How Do Age, Education And The Work You've Done Fit Into A Determination Of Disability
Your age, education and the work you've done become particularly important when the state agency that determines medical eligibility [generally known as Disability Determination Service (DDS)] looks to see if there is other work for which you can qualify even with your symptoms ("impairments.")
As a practical matter, Social Security considers younger people more able to adapt to new circumstances. So, the younger a person is, the harder DDS will look for work you can do.
If you are 50 or older, you are not considered disabled if you are unemployed solely because of your age. However, if you can't do your normal work, age becomes a very important factor -- some say the most important determining factor -- in determining whether there is other work you can do.
- Age 50-54: age is considered a factor which makes it more difficult to think you qualify for another job, particularly if you have limited work experience. It doesn't win the day for you, but it does help.
- Age 55 -59: with a severe impairment, you're not likely to be found to be able to work unless you have skills that can be used in less demanding jobs.
- Age 60 -- 64: you will not be considered able to adjust to even sedentary or light work unless you have skills that are highly marketable. (For a definition of "sedentary" and "light work," see below.)
If you're between age 62 and Full Retirement Age: When you apply for SSDI, also apply for your Social Security Retirement Benefit (SSR). While the amount you will receive for SSR at a younger age is less than you'd receive at full retirement age, you will begin to receive a payment immediately -- without a 5 month waiting period or the time required for an SSDI claim to be processed.
If you are approved for disability, the amount of your benefit will be reduced for each month that you received retirement benefits. For most people, this will result in only a small overall reduction.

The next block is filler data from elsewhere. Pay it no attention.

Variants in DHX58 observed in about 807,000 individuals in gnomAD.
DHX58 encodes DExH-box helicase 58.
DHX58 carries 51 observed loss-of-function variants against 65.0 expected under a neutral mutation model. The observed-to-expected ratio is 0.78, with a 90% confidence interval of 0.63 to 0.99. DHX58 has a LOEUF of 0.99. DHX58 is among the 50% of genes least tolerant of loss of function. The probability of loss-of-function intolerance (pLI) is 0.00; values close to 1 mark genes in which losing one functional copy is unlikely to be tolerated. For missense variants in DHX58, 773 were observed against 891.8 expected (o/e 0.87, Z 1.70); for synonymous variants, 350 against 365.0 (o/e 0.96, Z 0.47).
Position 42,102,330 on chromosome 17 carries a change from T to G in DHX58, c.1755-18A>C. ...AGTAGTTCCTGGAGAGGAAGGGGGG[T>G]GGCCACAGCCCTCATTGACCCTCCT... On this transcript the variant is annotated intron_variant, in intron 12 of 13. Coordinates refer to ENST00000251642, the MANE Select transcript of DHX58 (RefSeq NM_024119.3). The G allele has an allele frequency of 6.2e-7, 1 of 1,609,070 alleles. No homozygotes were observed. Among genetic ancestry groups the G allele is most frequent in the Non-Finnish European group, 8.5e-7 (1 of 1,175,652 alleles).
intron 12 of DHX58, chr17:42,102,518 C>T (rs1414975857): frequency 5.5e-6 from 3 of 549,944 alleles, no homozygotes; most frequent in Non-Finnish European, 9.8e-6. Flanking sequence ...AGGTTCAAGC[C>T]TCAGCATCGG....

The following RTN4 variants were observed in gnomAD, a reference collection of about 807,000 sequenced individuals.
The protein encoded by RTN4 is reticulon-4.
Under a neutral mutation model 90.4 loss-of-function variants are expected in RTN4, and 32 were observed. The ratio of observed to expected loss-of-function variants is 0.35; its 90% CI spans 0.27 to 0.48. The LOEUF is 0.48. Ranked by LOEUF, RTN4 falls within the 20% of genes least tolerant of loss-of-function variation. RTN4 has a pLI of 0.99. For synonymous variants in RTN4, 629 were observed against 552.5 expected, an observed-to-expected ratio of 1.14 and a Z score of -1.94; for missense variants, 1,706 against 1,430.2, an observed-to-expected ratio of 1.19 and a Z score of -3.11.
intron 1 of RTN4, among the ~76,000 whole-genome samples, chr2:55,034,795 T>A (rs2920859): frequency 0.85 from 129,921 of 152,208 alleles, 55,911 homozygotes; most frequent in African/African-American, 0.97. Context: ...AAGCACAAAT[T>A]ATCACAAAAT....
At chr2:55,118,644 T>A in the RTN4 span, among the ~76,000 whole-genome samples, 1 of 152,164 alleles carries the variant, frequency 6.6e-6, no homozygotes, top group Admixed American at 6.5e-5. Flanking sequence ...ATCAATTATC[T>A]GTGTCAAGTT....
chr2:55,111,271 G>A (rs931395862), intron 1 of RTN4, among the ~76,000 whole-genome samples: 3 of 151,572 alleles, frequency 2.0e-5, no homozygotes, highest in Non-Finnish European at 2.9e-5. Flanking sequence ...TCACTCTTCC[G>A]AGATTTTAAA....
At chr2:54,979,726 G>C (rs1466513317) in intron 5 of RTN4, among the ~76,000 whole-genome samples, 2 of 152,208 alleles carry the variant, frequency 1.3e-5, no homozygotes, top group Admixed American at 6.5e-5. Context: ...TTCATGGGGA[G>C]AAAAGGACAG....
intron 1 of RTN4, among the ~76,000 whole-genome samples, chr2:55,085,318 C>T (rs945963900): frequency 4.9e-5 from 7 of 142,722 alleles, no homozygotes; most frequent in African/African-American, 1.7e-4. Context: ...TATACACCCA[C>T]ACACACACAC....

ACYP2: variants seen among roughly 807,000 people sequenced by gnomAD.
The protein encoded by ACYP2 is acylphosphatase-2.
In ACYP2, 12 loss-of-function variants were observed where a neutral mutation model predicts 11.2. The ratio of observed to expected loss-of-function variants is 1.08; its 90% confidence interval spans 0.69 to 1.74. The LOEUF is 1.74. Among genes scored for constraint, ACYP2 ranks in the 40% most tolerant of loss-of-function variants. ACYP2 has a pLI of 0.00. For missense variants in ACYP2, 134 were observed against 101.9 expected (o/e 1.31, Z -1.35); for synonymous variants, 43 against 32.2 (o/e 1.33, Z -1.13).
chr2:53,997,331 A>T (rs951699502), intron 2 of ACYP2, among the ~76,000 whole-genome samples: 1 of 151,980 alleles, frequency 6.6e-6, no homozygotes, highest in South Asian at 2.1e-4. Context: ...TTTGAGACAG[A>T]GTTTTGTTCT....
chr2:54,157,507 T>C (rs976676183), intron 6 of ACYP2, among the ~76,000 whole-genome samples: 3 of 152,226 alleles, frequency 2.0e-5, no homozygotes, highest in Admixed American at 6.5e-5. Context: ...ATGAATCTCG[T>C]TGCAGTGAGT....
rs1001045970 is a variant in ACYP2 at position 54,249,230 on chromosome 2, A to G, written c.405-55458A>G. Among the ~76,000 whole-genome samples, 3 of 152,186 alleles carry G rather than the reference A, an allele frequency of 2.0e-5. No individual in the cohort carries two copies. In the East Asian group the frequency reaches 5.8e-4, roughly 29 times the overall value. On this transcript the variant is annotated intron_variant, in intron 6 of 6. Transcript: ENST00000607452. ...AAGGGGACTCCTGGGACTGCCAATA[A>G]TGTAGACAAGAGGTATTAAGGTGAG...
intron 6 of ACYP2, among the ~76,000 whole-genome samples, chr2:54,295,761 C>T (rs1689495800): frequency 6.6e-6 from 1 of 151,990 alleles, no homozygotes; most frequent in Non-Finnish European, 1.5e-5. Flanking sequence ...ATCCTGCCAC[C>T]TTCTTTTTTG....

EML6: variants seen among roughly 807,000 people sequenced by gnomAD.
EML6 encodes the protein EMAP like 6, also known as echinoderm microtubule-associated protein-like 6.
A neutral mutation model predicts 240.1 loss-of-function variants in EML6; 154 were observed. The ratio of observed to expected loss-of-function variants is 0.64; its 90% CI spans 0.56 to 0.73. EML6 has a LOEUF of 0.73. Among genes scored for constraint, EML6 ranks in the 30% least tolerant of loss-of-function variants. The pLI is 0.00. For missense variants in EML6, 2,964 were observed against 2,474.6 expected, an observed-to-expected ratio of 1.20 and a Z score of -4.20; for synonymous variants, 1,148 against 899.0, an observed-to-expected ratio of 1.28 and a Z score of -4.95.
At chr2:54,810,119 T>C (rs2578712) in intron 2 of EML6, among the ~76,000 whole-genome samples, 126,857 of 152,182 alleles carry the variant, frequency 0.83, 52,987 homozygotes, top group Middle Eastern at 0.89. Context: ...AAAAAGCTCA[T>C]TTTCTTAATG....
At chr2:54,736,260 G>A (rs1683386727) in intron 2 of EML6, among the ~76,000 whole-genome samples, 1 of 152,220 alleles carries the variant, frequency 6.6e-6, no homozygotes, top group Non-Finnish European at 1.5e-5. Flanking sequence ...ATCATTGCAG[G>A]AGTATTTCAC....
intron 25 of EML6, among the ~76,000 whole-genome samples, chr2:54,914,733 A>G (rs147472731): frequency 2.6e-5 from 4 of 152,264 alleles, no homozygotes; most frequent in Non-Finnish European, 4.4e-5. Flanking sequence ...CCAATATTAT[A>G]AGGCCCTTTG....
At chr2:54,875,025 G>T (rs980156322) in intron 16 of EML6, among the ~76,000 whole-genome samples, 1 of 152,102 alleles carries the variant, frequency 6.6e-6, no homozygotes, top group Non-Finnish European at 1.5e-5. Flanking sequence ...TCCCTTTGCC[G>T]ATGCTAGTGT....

The retroactive payment which includes the months you received a lesser payment, will include an amount for the difference between what you received and the full benefit. For example, if your early SSR is $700 a month, and full retirement benefit would be $900 a month, if you're awarded SSDI, you will receive a check for the difference between $700 and $900 for the months you received early SSR but are now receiving SSDI. If you're denied SSDI, at least you have an income.
Education becomes important if you are unable to read and write well enough to function in a modern society at the same level as the majority of the citizens.
It is essential that the evidence you submit show that you cannot perform the same type of work you have done during the past 15 years.
Social Security considers 4 levels of ability to work, which in turn become important for how to place a claimant on for the Grid Tables and Listings:
Sedentary: work that requires mainly sitting and no physical labor
Light: work that requires slightly more effort than sedentary
Medium: work that requires average physical ability such as sitting, standing, or moderate lifting
Heavy to Very Heavy: work that requires what amounts to any and all types of physical work
To learn more, see Exertion Levels.
Keep in mind that it is not the disease that is important, as much as what it does to your physical and mental ability to work. For example, just because you were diagnosed with a disease such as cancer does not mean you are disabled. The question is how it affects your ability to work.